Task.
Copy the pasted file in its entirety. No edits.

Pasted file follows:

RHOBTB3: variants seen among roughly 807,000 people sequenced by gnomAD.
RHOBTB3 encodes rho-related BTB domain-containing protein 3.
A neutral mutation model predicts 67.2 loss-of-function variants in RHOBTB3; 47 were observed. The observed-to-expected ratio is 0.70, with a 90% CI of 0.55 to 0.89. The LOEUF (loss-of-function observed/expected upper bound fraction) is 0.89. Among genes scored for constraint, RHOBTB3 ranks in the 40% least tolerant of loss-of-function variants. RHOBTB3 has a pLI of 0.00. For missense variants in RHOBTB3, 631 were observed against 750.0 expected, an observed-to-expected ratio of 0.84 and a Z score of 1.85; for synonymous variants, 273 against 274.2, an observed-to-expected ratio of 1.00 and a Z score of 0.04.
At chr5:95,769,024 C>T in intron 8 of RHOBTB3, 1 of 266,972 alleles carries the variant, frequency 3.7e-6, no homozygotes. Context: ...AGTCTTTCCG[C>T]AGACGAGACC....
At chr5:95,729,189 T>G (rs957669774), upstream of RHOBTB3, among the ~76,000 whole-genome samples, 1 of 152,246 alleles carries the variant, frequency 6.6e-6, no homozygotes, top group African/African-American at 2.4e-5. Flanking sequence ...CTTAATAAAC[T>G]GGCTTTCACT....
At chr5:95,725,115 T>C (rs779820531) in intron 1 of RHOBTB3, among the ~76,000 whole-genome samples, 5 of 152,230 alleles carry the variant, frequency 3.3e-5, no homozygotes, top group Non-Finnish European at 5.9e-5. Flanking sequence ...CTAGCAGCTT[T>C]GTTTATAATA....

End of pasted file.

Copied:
RHOBTB3: variants seen among roughly 807,000 people sequenced by gnomAD.
RHOBTB3 encodes rho-related BTB domain-containing protein 3.
A neutral mutation model predicts 67.2 loss-of-function variants in RHOBTB3; 47 were observed. The observed-to-expected ratio is 0.70, with a 90% CI of 0.55 to 0.89. The LOEUF (loss-of-function observed/expected upper bound fraction) is 0.89. Among genes scored for constraint, RHOBTB3 ranks in the 40% least tolerant of loss-of-function variants. RHOBTB3 has a pLI of 0.00. For missense variants in RHOBTB3, 631 were observed against 750.0 expected, an observed-to-expected ratio of 0.84 and a Z score of 1.85; for synonymous variants, 273 against 274.2, an observed-to-expected ratio of 1.00 and a Z score of 0.04.
At chr5:95,769,024 C>T in intron 8 of RHOBTB3, 1 of 266,972 alleles carries the variant, frequency 3.7e-6, no homozygotes. Context: ...AGTCTTTCCG[C>T]AGACGAGACC....
At chr5:95,729,189 T>G (rs957669774), upstream of RHOBTB3, among the ~76,000 whole-genome samples, 1 of 152,246 alleles carries the variant, frequency 6.6e-6, no homozygotes, top group African/African-American at 2.4e-5. Flanking sequence ...CTTAATAAAC[T>G]GGCTTTCACT....
At chr5:95,725,115 T>C (rs779820531) in intron 1 of RHOBTB3, among the ~76,000 whole-genome samples, 5 of 152,230 alleles carry the variant, frequency 3.3e-5, no homozygotes, top group Non-Finnish European at 5.9e-5. Flanking sequence ...CTAGCAGCTT[T>C]GTTTATAATA....